- Parallel Processing Factor: This allows us to scale this tool, this tool can be scaled on both 'CPU' and 'GPU'. It specifies that the operation would be spread across how many 'cpu cores' in case of cpu based operation or 'no of GPU's' incase of GPU based operation.
out_classified_raster = arcpy.ia.ClassifyPixelsUsingDeepLearning(r"Imagery\wv3_juris_2014_mpt2.img", r"C:\sample\Training Data\models\140e\140e.emd", "padding 100;batch_size 8"); out_classified_raster.save(r"C:\sample\sample.gdb\wv3_juris_2014_mpt2_Classify")
Output of this tool will be in form of a 'classified raster' containing both background and slum patches.
A subset of preditions by our Model
We will apply majority filter on the classified raster produced in previous step by our model, this will Reduce noise in the classified raster, we would use 'four' neighboring cells majority to smoothen the raster.
out_raster = arcpy.sa.MajorityFilter("slum_2004_pred", "FOUR", "MAJORITY"); out_raster.save(r"C:\sample\sample.gdb\slum_2004_pred_maj")
Raster to Polygon
We will convert the processed classified raster produced in previous step to a polygon feature class layer using the 'Raster to Polygon' tool.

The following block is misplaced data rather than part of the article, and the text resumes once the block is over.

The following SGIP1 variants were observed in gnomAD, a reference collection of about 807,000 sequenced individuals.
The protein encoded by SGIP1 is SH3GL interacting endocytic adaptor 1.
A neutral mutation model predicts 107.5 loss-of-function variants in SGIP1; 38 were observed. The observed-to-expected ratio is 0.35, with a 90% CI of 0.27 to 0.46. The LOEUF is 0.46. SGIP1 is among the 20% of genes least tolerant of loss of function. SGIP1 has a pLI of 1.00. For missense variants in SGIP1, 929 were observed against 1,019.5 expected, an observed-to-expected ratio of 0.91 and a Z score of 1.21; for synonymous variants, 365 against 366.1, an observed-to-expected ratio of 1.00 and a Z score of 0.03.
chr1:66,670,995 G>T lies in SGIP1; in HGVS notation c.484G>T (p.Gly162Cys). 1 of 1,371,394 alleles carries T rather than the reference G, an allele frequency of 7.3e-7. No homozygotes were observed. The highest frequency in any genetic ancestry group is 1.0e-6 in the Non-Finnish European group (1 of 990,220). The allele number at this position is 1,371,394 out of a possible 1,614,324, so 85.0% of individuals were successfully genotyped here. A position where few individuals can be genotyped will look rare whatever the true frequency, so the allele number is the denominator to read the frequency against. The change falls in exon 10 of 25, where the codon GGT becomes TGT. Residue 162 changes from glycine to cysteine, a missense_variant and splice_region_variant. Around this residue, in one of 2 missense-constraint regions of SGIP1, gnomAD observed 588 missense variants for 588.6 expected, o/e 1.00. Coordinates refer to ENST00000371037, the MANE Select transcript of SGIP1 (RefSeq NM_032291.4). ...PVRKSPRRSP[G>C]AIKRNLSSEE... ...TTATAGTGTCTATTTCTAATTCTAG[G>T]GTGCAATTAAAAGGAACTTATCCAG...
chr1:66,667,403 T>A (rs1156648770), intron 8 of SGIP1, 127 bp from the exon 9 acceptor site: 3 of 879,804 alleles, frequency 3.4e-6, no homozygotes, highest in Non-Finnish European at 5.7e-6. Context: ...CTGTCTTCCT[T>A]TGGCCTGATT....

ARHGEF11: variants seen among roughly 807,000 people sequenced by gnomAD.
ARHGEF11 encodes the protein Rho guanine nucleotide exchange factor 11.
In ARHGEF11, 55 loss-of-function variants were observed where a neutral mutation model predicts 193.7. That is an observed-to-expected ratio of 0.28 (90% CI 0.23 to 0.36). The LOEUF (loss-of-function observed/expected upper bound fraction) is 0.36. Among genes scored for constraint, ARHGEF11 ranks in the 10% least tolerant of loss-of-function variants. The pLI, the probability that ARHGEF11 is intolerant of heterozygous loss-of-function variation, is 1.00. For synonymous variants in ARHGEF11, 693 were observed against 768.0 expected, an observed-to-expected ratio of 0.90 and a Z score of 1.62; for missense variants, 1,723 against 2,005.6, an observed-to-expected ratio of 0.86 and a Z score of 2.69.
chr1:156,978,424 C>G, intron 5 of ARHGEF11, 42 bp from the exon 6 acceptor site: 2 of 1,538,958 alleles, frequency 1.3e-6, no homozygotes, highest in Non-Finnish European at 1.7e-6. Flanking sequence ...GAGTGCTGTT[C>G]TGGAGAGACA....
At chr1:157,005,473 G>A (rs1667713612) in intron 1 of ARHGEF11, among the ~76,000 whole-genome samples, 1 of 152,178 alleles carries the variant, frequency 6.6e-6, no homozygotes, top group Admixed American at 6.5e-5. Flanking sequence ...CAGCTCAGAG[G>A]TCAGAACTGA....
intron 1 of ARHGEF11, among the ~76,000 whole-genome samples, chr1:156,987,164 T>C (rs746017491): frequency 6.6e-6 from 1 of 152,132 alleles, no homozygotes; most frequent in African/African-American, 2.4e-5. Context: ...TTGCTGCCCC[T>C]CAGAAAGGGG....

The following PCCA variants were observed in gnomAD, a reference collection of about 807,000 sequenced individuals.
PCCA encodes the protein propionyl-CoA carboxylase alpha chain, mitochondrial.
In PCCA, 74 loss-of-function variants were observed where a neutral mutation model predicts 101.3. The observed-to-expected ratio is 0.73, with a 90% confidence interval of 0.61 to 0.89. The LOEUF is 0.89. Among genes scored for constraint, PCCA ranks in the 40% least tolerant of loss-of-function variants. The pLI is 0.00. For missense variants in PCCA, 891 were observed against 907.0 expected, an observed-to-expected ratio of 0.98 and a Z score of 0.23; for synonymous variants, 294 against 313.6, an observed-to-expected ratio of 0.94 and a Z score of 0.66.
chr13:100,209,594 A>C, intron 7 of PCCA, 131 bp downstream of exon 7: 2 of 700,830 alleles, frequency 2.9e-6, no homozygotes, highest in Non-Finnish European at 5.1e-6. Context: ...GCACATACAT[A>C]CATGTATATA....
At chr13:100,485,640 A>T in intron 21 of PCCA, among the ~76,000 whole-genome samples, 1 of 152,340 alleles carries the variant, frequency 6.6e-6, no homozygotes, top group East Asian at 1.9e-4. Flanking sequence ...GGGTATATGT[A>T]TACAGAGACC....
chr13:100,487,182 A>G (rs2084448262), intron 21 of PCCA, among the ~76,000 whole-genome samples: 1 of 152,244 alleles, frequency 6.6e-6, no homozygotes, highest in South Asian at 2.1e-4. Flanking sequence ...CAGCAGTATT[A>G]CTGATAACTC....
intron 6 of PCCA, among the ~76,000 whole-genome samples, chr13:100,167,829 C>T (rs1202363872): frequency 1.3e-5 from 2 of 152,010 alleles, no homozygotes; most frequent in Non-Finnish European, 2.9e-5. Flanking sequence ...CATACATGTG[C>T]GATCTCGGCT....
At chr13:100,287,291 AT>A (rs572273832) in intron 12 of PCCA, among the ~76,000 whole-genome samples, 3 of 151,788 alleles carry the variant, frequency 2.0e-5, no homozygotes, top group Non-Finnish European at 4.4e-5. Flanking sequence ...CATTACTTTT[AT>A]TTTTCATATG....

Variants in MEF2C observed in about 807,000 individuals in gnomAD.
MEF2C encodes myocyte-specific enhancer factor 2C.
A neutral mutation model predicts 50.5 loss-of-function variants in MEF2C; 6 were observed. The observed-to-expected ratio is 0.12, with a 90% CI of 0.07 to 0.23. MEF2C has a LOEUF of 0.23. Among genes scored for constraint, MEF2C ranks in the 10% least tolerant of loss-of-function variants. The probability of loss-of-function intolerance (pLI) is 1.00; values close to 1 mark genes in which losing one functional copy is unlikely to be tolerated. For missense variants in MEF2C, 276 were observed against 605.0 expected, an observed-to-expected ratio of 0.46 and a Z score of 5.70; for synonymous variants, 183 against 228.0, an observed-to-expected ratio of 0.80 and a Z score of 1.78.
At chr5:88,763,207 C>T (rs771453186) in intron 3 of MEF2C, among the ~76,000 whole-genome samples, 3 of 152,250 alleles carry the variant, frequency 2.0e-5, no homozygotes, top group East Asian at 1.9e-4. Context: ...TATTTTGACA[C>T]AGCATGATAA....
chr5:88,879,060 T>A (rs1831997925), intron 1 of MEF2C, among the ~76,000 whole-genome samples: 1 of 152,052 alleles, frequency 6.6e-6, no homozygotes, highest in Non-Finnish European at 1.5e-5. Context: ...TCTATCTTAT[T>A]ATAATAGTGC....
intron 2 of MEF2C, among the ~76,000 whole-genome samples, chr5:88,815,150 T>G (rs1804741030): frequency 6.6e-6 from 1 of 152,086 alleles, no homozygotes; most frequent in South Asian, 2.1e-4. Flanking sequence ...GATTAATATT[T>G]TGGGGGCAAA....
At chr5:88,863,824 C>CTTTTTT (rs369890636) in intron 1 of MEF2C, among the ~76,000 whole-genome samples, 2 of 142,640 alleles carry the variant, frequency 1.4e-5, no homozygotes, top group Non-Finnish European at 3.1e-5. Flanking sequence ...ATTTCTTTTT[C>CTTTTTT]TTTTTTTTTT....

arcpy.conversion.RasterToPolygon("slum_2014_pred_maj", r"C:\sample\sample.gdb\slums_detected_2014", "NO_SIMPLIFY", "Value", "SINGLE_OUTER_PART", None)
The final output will be in form of a feature class. We would first use a tool majority filter to smoothen prediction by our model and then use polygon to raster tool to vectorize our results.
A subset of results overlaid on satellite imagery it was predicted on (Worldview 2014) by our model.
This type of workflows can be used by government bodies to continuously track and monitor the growth of slum areas, this will help decision makers take informed decisions. Slums are a wide subject and the definition may vary across geographical areas, thus the workflow has to be adapted for better results.
An example of ArcGIS dashboard tracking slums
gis = GIS('home') gis.content.get('809e82a098264c38bfd608e7cc08d5f3')